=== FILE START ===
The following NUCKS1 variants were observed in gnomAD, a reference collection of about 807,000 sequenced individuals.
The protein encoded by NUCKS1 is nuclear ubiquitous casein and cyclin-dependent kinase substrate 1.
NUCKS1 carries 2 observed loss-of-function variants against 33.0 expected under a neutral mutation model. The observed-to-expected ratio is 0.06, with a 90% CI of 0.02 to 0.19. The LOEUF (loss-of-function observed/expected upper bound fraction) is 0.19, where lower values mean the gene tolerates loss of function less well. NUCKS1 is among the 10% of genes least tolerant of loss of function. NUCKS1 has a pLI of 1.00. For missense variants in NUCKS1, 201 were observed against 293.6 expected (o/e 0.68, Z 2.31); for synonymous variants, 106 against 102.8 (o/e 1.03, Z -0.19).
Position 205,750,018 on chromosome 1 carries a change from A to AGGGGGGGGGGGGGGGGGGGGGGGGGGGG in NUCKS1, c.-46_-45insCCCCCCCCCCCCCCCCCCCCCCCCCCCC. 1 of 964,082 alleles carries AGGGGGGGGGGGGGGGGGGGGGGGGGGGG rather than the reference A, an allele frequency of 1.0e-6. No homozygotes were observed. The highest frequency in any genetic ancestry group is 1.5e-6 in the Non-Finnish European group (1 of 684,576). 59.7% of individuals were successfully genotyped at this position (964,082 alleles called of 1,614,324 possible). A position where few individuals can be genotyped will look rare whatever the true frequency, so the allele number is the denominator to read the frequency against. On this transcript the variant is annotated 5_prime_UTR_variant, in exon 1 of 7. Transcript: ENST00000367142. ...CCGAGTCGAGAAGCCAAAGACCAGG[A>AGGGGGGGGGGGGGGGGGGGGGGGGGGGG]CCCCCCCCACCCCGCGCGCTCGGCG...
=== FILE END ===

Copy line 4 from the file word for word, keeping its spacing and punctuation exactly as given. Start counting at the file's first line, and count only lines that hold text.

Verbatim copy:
Position 205,750,018 on chromosome 1 carries a change from A to AGGGGGGGGGGGGGGGGGGGGGGGGGGGG in NUCKS1, c.-46_-45insCCCCCCCCCCCCCCCCCCCCCCCCCCCC. 1 of 964,082 alleles carries AGGGGGGGGGGGGGGGGGGGGGGGGGGGG rather than the reference A, an allele frequency of 1.0e-6. No homozygotes were observed. The highest frequency in any genetic ancestry group is 1.5e-6 in the Non-Finnish European group (1 of 684,576). 59.7% of individuals were successfully genotyped at this position (964,082 alleles called of 1,614,324 possible). A position where few individuals can be genotyped will look rare whatever the true frequency, so the allele number is the denominator to read the frequency against. On this transcript the variant is annotated 5_prime_UTR_variant, in exon 1 of 7. Transcript: ENST00000367142. ...CCGAGTCGAGAAGCCAAAGACCAGG[A>AGGGGGGGGGGGGGGGGGGGGGGGGGGGG]CCCCCCCCACCCCGCGCGCTCGGCG...